September 12, 2012 in Impact Stories
Issue: Vegetable producers in the Mid-Atlantic have significant problems with soil borne diseases, nematodes and weed management. To address problems with soil borne diseases, nematodes and weeds, producers need to evaluate problems affecting soil health including crop rotation, compaction, equipment traffic patterns, and tillage practices,
Response: A four phase approach was developed to develop field specific recommendations over multiple years in fields identified as having problems with root diseases, nematodes, weeds and possibly soil insects.
- Phase 1: Identification of Cooperating Producers and Fields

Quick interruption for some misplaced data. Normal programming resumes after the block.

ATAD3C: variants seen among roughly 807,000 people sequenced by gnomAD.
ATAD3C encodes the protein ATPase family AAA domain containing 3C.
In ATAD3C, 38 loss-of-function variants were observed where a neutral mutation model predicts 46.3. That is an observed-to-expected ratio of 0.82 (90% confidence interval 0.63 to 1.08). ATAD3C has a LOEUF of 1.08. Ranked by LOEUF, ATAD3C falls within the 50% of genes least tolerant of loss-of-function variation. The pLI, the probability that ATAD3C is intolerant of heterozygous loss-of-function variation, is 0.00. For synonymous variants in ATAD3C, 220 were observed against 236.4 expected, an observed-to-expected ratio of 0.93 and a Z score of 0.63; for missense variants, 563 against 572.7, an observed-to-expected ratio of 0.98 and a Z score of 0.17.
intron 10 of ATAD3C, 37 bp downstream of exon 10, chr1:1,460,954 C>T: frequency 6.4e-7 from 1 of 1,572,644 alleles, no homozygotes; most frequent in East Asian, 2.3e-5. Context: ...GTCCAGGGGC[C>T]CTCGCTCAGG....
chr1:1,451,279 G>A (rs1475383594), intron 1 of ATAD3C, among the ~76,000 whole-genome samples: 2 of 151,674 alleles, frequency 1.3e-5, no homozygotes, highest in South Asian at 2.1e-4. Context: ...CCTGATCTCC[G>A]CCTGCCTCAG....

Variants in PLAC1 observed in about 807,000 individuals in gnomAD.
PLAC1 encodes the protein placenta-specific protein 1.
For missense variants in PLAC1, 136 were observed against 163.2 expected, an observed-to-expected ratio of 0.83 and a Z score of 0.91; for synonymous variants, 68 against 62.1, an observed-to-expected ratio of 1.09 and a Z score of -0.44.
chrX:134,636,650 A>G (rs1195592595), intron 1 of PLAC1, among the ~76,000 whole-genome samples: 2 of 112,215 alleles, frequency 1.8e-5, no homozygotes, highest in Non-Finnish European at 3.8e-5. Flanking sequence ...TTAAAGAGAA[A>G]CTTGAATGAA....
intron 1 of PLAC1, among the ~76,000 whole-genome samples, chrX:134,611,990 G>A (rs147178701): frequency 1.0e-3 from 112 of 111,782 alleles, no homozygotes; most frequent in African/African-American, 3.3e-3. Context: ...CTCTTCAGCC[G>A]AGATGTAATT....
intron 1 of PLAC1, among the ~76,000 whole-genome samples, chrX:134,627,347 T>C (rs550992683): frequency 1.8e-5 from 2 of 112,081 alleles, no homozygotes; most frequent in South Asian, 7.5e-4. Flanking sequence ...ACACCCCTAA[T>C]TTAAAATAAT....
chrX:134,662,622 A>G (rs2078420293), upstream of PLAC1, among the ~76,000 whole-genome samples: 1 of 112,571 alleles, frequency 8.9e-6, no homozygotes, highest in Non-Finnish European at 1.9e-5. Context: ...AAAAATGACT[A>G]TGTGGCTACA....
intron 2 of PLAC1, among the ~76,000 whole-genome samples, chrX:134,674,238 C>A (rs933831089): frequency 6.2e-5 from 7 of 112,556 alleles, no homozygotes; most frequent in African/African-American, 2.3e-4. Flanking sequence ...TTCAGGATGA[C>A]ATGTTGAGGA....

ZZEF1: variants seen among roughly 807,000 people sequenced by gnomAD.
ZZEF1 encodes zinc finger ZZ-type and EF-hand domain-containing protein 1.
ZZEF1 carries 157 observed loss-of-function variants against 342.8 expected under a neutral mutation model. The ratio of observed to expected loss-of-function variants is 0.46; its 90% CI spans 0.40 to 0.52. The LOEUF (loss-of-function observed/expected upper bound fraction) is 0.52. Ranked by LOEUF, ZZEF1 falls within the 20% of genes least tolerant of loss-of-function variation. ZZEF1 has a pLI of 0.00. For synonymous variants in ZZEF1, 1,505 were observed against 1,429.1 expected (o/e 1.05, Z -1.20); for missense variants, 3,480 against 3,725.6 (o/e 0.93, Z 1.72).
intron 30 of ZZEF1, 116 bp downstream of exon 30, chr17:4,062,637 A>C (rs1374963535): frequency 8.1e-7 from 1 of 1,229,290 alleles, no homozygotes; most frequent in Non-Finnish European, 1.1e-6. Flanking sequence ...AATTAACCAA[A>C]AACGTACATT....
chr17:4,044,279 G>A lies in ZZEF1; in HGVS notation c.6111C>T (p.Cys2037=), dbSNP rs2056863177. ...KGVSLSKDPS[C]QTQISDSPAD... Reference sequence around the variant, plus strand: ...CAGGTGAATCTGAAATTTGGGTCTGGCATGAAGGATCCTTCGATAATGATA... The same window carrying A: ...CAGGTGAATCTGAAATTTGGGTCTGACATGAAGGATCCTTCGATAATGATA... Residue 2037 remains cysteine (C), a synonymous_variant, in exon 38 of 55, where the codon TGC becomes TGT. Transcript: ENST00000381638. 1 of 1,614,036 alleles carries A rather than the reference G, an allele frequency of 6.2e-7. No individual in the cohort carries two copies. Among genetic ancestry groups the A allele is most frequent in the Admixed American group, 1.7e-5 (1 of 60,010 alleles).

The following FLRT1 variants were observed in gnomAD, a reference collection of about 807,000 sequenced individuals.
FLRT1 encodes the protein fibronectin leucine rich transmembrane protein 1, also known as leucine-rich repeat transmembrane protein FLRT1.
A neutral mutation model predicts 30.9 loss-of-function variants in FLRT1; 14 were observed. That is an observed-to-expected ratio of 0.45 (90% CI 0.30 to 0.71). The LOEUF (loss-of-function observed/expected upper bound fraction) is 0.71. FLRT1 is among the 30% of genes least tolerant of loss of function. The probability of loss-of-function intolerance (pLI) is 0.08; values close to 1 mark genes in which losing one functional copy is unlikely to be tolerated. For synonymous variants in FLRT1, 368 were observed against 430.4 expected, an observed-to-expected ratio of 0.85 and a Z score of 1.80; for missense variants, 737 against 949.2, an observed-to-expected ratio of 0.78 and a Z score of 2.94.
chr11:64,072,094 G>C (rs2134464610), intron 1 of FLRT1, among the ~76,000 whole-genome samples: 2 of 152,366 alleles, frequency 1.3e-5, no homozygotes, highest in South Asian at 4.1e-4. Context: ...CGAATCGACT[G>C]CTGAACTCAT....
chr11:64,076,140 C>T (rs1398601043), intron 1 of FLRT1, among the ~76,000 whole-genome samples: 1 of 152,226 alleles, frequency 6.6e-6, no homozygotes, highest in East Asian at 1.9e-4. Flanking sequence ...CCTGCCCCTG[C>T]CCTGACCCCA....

- Phase 2: Soil Health Measurements –
- Phase 3: Prescriptive treatments developed and growers implement plan
- Phase 4: Assessment of Prescription Effectiveness
- In 2009 , the program focused on demonstrations and field days highlighting the use of 3 composts (yard waste, agricultural grade compost, and spent mushroom compost) compared to no compost and fumigation on a poor soil health site and a good soil health site and the use of biofumigant crops.
- In 2010, forty six consultants and interested producers attended three field trainings in March-April for the use of soil health kits
- In 2011, on farm demonstrations, testing, and sampling activities were conducted on over 1200 acres – representing 14 vegetable farm operations
- In the fall of 2011 and spring 2012, prescriptive treatments were developed and established in 19 fields